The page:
Mette Rosencrantz Conducts Outstanding Dressage Clinic for Para-Equestrians
Wednesday, March 14, 2012
Posted by Lindsay McCall
1. "A common issue many riders have when they try to turn is that they pull on the horse's mouth too much on the inside rein, regardless of the test or the gait of the horse. The more the rider pulls on the inside rein, the more the horse's outside moves out away from that rein, this turns the horse into a banana (referring to the shape of the crescent)."
2. "Turning a horse is like driving a bicycle because you use both hands when you turn. If you hang on one side of the bicycle you would fall down or go in a circle. Instead, when you make a turn, make the turn, and then go straight again, don't hang on one side. An exercise that is good for turning is to split the ring into four serpentines. Once you know where your lines are for each serpentine, you know if you overshoot a turn you are going to have to work that much harder to make the next turn."
3. "When you work a horse it's like bodybuilding. Someone who is trying to build muscle doesn't tell themselves it's too much work for that particular movement so they aren't going to do it. Instead, they work on each different piece of equipment to make the body whole. A good exercise at the trot is to do sets of... trot, trot,walk...trot, trot, walk....trot, trot, walk. These sets are difficult for the horse to do and they are like doing sets on a dumbbell. At the canter you can make one large circle and then one small circle...one large circle and one small circle...then you may add in a third circle which is much smaller."
4. "For best results from the horse, and to engage the entire body, start from the bottom of the horse and work towards the front. Imagine toothpaste and work the toothpaste from the bottom to the front."
5. "As athletes you have to ask yourself a question right now. Do you want to be on a team, do you want to aim for a spot? If you say you want to be an athlete and achieve the highest standard in this sport, then you have to practice 10's every time. You don't try to be like everyone else and you don't skip movements just because your horse didn't do it perfectly. You practice 10's at every moment so that when you go in that ring that is what you know."
Since 1992 Mette Rosencrantz has been based out of the Mill Creek Equestrian Center in Topanga, CA. Mette is originally from Sweden where she was a member of the Swedish National Dressage Team twice. Although Mette is an accomplished Dressage Rider with top international dressage horses, her specialty of dressage instruction and training has been an expansive part of her life. Mette was the youngest rider ever permitted to enter Stromsholm, Sweden's prestigious school for instructors. In 1980, she became the head instructor with a University degree in Physical Education.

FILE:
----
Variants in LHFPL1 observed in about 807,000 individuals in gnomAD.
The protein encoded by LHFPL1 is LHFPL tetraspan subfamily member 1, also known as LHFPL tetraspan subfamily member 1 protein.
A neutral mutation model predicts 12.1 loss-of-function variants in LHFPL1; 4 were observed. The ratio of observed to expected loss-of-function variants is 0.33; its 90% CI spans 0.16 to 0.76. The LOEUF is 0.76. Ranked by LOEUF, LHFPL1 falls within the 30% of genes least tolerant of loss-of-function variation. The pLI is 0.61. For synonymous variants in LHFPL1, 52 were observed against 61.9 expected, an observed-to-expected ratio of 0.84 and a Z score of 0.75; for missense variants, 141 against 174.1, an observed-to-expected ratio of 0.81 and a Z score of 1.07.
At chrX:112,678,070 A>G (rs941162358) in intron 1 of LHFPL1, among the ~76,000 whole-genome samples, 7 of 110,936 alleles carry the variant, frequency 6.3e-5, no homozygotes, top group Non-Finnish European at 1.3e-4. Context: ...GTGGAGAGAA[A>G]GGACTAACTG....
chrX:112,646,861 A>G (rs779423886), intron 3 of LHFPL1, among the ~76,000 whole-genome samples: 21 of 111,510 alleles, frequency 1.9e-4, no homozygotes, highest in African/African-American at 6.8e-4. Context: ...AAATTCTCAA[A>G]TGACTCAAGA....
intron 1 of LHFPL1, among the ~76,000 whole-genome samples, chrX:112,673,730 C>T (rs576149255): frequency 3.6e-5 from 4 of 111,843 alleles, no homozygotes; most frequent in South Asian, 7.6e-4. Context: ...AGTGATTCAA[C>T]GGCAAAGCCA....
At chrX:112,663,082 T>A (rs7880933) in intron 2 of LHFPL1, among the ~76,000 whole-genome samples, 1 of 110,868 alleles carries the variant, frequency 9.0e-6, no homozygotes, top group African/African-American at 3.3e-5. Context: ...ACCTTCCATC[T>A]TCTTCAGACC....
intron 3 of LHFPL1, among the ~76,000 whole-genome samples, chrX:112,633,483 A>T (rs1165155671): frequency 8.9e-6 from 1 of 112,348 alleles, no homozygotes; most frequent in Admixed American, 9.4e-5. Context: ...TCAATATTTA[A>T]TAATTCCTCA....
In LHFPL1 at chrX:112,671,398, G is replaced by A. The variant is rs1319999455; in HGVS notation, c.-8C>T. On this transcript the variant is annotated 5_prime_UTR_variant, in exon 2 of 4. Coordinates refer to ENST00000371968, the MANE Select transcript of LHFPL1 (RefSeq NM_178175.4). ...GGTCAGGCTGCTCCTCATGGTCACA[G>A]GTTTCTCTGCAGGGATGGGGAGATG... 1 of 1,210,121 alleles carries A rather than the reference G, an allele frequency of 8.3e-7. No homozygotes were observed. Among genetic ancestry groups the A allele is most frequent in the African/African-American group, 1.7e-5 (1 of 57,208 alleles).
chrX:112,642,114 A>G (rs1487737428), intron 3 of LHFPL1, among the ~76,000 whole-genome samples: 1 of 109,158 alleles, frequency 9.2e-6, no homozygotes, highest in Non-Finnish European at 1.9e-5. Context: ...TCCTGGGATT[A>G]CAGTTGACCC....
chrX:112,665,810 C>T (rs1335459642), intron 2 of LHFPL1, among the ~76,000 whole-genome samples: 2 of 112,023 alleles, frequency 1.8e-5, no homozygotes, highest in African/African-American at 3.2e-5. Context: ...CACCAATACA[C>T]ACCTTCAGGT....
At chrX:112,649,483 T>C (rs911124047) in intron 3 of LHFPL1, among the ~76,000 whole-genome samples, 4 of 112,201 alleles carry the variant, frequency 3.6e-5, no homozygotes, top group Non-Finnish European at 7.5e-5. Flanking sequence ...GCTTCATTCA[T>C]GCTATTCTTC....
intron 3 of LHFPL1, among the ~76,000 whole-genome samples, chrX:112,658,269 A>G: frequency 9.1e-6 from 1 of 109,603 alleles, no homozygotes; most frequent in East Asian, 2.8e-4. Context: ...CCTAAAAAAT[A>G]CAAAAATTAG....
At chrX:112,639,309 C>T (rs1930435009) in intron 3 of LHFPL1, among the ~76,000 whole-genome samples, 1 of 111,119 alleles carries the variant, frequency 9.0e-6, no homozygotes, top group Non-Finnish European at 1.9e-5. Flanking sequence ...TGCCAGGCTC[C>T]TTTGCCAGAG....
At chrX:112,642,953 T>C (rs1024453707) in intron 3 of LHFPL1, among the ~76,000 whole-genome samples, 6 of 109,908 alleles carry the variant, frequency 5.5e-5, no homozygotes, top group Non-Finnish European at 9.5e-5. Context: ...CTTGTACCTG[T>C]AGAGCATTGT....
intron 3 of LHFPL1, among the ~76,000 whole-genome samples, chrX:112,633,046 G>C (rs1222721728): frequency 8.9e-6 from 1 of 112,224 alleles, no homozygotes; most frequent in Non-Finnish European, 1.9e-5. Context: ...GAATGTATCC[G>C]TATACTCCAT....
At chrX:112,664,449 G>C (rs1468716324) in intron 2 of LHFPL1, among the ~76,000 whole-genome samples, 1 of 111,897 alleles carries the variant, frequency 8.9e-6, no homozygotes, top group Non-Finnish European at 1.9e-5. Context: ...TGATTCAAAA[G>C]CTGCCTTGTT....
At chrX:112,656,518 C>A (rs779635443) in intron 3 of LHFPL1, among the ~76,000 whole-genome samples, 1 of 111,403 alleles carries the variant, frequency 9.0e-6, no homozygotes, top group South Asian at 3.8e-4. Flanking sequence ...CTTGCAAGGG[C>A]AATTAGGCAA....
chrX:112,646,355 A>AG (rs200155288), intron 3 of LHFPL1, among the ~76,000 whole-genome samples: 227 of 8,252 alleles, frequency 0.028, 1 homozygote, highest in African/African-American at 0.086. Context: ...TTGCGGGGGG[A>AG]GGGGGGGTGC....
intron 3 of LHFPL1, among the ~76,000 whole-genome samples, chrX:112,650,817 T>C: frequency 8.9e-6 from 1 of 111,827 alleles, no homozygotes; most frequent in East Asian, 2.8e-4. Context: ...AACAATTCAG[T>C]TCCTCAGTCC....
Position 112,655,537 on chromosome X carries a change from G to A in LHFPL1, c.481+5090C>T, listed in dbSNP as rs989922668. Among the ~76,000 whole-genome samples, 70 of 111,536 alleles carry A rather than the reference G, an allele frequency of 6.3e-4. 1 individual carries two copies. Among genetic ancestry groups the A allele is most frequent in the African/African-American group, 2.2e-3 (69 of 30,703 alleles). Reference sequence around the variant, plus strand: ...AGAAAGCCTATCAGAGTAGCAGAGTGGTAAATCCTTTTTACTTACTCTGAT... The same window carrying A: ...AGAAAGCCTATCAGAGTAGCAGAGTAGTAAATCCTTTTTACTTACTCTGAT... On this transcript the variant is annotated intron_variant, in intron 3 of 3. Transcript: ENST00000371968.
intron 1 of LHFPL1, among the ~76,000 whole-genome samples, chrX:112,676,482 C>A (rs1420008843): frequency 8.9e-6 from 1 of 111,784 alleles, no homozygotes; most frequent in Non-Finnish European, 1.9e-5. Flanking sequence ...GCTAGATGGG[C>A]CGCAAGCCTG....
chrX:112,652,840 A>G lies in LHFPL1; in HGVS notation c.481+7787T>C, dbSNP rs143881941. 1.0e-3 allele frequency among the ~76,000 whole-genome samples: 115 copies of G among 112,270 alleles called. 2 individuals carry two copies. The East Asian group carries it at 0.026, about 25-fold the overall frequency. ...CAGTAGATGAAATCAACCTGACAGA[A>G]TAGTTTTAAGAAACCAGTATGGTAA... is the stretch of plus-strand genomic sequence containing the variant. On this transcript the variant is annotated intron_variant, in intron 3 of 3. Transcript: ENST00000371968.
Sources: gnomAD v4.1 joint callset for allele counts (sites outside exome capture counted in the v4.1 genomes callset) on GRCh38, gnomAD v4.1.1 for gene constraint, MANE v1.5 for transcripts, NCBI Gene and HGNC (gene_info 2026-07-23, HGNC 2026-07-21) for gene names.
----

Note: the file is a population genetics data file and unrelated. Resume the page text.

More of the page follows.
In the ring, Mette has accomplished winning the Grand Prix Invitational at the 2007 World Cup, earning multiple accolades at the 2010 USEF Regional Finals and 2010 Dressage Festival of Champions in Gladstone, New Jersey, and earning many other international competitions. When not competing, Mette is working on training her own horses, her students, and of course conducting clinics around the world.
Mette noted, "It is very exciting for me to be able to teach riders and horses. I believe it is about establishing a good foundation and realizing that there is no quick fix to a problem. I like to encourage riders to learn why a problem may occur and work on ways to not only fix that issue but challenge themselves past that."
While instructing and riding in Sweden the Para-Equestrian program had grown to a point where it was usual to see the Para-Equestrians riding alongside the international dressage riders. Mette commented, "Whether you're an international Dressage rider, a para-dressage rider or you are working with a green horse, the philosophy is the same. Each athlete and each horse has it's own challenges and whether the rider is handicapped or not you are still working towards a bigger goal."
For more information about Mette Rosencrantz or clinic information please visit: http://www.metterosencrantz.com/
Photo Credit: All Photographs taken at the 2012 Rancho Valencia Dressage Affaire CPEDI3* in Del Mar, CA at Del Mar Horse Park. Photo © 2012 Lindsay Y McCall
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